Monday's edition of The NPR Politics Podcast sounded a little bizarre to conservatives. NPR congressional reporter Susan Davis marveled at "just how much bitterness lingers among Republican senators over the nomination process of Brett Kavanaugh." It was mildly comical that their discussion of Kavanaugh didn't describe the actual subject of the bitterness -- unproven allegations of teenage sexual assault. Would NPR reporters be bitter if they were accused of rape?
Davis spoke in very vague terms: "Kavanaugh obviously had a lot of specific issues as to why that was, but Supreme Court justices are just -- you know, tend to be party line votes these days. And I wonder if you think that that's just how it's going to be from now on." She said we don't live in times of nearly unanimous votes for Supreme Court nominees (which Ketanji Jackson supposedly deserves). They avoided which party ruined that trend.
Nina Totenberg -- who slimed Clarence Thomas in 1991 with Anita Hill's unproven charges of crude sexual banter -- somehow sounded mournful about the bitter partisan tone, as if she and NPR had nothing to do with it.
NINA TOTENBERG: We don't live in those times anymore. And there are groups on the right and left who not only make a living doing this - they raise money off of fanning the flames in confirmation hearings.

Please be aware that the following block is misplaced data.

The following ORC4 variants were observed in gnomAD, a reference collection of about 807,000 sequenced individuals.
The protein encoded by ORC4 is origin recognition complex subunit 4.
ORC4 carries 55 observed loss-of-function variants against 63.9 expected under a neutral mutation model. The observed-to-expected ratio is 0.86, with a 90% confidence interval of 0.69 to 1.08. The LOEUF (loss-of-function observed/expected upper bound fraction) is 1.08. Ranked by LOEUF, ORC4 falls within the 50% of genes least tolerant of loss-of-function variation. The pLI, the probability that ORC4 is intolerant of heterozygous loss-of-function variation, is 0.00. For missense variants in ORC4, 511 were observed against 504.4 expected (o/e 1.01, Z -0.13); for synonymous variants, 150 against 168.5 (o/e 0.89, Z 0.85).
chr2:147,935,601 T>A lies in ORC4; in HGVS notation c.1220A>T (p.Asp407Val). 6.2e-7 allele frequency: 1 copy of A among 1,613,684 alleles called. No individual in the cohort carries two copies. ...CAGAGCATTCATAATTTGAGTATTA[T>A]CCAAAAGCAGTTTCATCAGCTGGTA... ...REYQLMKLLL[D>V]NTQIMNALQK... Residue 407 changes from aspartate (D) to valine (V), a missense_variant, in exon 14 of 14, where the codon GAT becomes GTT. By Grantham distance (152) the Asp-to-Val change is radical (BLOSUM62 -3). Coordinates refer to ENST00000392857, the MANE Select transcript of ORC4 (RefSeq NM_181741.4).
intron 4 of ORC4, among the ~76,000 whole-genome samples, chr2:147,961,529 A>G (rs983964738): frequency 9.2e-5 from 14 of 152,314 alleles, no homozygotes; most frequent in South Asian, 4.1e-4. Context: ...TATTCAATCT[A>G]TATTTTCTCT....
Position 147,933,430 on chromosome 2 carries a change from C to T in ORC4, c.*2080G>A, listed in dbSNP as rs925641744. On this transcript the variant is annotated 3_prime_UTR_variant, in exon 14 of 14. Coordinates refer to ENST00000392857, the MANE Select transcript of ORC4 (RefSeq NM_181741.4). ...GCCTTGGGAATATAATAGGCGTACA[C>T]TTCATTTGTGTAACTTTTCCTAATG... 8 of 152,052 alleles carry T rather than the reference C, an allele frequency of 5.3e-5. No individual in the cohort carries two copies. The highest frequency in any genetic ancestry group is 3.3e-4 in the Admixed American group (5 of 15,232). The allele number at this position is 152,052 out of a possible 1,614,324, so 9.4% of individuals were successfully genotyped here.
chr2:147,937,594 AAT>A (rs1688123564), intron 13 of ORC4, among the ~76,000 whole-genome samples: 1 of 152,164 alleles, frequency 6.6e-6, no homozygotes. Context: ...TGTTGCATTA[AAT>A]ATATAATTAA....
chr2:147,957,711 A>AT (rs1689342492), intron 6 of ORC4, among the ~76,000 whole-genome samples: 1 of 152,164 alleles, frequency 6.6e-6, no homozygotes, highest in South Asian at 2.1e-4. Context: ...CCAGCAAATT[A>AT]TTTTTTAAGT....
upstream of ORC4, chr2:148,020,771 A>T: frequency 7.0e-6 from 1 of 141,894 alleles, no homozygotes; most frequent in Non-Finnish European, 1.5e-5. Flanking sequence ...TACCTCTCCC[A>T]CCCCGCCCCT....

That said, there was, I think, on the committee today, on the Republican and Democratic sides, some notion that they wanted to lower the temperature. Now, that may be because she's probably going to be confirmed, and what have the Republicans got to lose if they don't make life miserable for her? After all, the optics of beating up on a Black woman are not great politics.
Totenberg also used this line on Morning Edition earlier on Monday: "Republicans know the optics of personally attacking a black woman are less than ideal."
But somehow the optics of beating up on a black conservative in 1991 were much better. Using a black woman to do it was apparently the perfect dirty trick. Legal reporter Carrie Johnson then piled on:
CARRIE JOHNSON: You know, I heard a number of these Republican senators talking very bitterly about Brett Kavanaugh and other nominees, people like Miguel Estrada, who was nominated to the top federal appeals court here in D.C. and never got through because there was a big blockade on his nomination. But what I did not hear was two words, and those words are Merrick Garland, President Obama's nominee, who, after all, never even got a meeting with any Republican senators. So there is a history here on both sides. It can be a very bitter history. That was about as bad as it gets.
Is she serious? Not getting a meeting is worse than being accused of gang rape?
Of course, Johnson's memory is inaccurate. As the New York Times reported in April 2016: "So far, Judge Garland has met with nine of the 19 Republican senators who have said they are open to sitting down with him."